The new legislation also mandates religious freedom training for all foreign service officers—as opposed to merely providing it as a training elective. This, many believe, is an especially critical piece of the puzzle. This training exposes the men and women who practice U.S. foreign policy to the many practical ways in which enhanced religious freedom contributes to a nation’s social, economic, and political stability. Thus, diplomats will see how actively supporting religious freedom lines up with core U.S. foreign policy objectives in promoting a more secure and prosperous global landscape.
Other measures in the 2016 IRFA include an enhanced watchdog framework that will supplement the lists and annual reports already produced by the State Department. It establishes an “entities of particular concern” category (mirroring the already-extant “countries of particular concern” category). This will focus on nonstate actors, such as Boko Haram and ISIS and other militant nongovernment entities.
Further, it creates a “designated persons list” to name individuals who engage in religious repression or persecution, and allows the president to institute sanctions against persecutors.
The 2016 IRFA is named for former Congressman Frank Wolf—a very fitting recognition of his relentless campaigning, both in, and now out, of office, for stronger U.S. engagement with religious freedom issues abroad. Wolf gave a major speech in May 2016 in Washington, D.C., at the International Religious Liberty Summit held at the Newseum’s Religious Freedom Center. [That speech was featured in Liberty recently.] He gave an impassioned appeal for a more proactive U.S. response to religious repressors around the world, and spoke of individuals he had met in some of the world’s most unforgiving environments for religious minorities.
“While our national interests are complex and manifold, we can be assured that it always benefits a great nation to stand boldly with the forgotten, the oppressed, the silenced and the imprisoned,” he said. “If not America, then who?”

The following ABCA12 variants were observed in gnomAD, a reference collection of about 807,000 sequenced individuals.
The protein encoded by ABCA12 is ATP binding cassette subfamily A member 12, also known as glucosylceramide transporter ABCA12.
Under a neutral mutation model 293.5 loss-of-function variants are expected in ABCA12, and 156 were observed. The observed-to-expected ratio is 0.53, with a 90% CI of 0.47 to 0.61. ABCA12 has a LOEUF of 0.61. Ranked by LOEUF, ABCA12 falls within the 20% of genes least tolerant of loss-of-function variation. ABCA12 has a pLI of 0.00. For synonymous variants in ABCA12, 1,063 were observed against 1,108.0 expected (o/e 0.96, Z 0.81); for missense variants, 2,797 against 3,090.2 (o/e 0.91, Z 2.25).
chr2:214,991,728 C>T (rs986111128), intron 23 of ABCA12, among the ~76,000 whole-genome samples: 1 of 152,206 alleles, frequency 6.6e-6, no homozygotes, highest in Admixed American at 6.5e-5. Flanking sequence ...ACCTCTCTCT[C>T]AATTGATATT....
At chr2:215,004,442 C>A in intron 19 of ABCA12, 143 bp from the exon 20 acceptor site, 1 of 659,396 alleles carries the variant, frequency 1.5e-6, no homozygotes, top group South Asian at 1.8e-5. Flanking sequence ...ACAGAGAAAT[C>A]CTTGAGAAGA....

This, perhaps, hints at questions that remain lurking, unanswered, behind all the discussions of IRFA. Is this really a job for America? Is pursuing a religious freedom agenda via U.S. foreign policy, with all its potentially messy entanglements and ambiguities, a suitable way to support persecuted religious minorities and nurture a global culture of religious tolerance?
These are legitimate, though complex, questions. At the very least, they should prompt religious freedom advocates to stay alert. There is, without doubt, the potential for compromise of the secular nature of the state and its various mechanisms, or for the distortion of the very principle of religious freedom itself.
But for me, the alternative—inaction—is unacceptable. As the late Elie Wiesel wrote: “We must always take sides. Neutrality helps the oppressor, never the victim. Silence encourages the tormentor, never the tormented.” IRFA takes a side. And given the outsized role the U.S. plays within global geopolitics and trade, this is not an inconsequential thing. The law provides new tools for documenting religious freedom violations and potentially enhances the impact of religious freedom concerns within U.S. foreign policy. Seemingly good things, yes, but fraught with political and moral complexity. As a practical matter, any attempt to advance a high moral principle through the somewhat incompatible vehicle of national interest will require ongoing vigilance and review.
Will the Frank R. Wolf International Religious Freedom Act bring real change to the culture of the State Department? Will it increase the weight of religious freedom issues within the U.S. foreign policy? Will it translate into some tangible step forward for displaced Iraqi Christians, waiting anxiously in camps in Erbil, Lebanon, and Jordan for a sign they can safely return to their homes? For the communities in northern Nigeria, living in fear of unpredictable and deadly assaults from militant Islamists? For the millions of other members of religious minorities worldwide who face ongoing discrimination, dislocation, or worse?
Despite the intent of the law’s drafters and the ardent hopes of its supporters, any success will ultimately be dependent on its application.
How precisely will Secretary Rex Tillerson and the ambassador-at-large understand and apply the requirements of the law? Will the Trump administration now follow the lead of its predecessors in adopting as narrow an interpretation as possible of its responsibilities under IRFA? As with the 1998 law, we must wait and see. Only the coming years will reveal whether the aspirational intent of the 2016 IRFA law will survive its implementation.